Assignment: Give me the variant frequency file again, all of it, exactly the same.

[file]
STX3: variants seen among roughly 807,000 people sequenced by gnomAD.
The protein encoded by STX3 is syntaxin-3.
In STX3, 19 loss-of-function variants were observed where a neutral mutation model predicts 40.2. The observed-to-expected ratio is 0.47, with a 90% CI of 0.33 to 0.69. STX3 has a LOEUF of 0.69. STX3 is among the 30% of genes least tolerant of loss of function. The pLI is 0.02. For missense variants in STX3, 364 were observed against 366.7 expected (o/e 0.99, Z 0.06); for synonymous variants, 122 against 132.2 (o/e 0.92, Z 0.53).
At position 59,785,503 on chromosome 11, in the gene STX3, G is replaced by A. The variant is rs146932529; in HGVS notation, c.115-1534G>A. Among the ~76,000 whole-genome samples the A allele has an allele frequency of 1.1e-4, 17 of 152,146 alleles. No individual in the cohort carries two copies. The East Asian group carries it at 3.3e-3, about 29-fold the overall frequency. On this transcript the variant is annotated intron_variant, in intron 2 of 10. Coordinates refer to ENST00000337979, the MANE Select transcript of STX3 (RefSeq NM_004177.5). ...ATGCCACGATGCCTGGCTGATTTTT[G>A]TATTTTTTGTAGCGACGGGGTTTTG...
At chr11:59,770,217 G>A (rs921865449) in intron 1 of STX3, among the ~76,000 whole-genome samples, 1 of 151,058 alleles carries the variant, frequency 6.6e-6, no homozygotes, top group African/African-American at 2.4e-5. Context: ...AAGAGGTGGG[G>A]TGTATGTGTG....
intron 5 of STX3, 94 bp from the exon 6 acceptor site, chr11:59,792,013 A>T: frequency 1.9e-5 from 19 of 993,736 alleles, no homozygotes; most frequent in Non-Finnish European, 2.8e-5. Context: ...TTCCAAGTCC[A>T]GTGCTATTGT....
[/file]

STX3: variants seen among roughly 807,000 people sequenced by gnomAD.
The protein encoded by STX3 is syntaxin-3.
In STX3, 19 loss-of-function variants were observed where a neutral mutation model predicts 40.2. The observed-to-expected ratio is 0.47, with a 90% CI of 0.33 to 0.69. STX3 has a LOEUF of 0.69. STX3 is among the 30% of genes least tolerant of loss of function. The pLI is 0.02. For missense variants in STX3, 364 were observed against 366.7 expected (o/e 0.99, Z 0.06); for synonymous variants, 122 against 132.2 (o/e 0.92, Z 0.53).
At position 59,785,503 on chromosome 11, in the gene STX3, G is replaced by A. The variant is rs146932529; in HGVS notation, c.115-1534G>A. Among the ~76,000 whole-genome samples the A allele has an allele frequency of 1.1e-4, 17 of 152,146 alleles. No individual in the cohort carries two copies. The East Asian group carries it at 3.3e-3, about 29-fold the overall frequency. On this transcript the variant is annotated intron_variant, in intron 2 of 10. Coordinates refer to ENST00000337979, the MANE Select transcript of STX3 (RefSeq NM_004177.5). ...ATGCCACGATGCCTGGCTGATTTTT[G>A]TATTTTTTGTAGCGACGGGGTTTTG...
At chr11:59,770,217 G>A (rs921865449) in intron 1 of STX3, among the ~76,000 whole-genome samples, 1 of 151,058 alleles carries the variant, frequency 6.6e-6, no homozygotes, top group African/African-American at 2.4e-5. Context: ...AAGAGGTGGG[G>A]TGTATGTGTG....
intron 5 of STX3, 94 bp from the exon 6 acceptor site, chr11:59,792,013 A>T: frequency 1.9e-5 from 19 of 993,736 alleles, no homozygotes; most frequent in Non-Finnish European, 2.8e-5. Context: ...TTCCAAGTCC[A>T]GTGCTATTGT....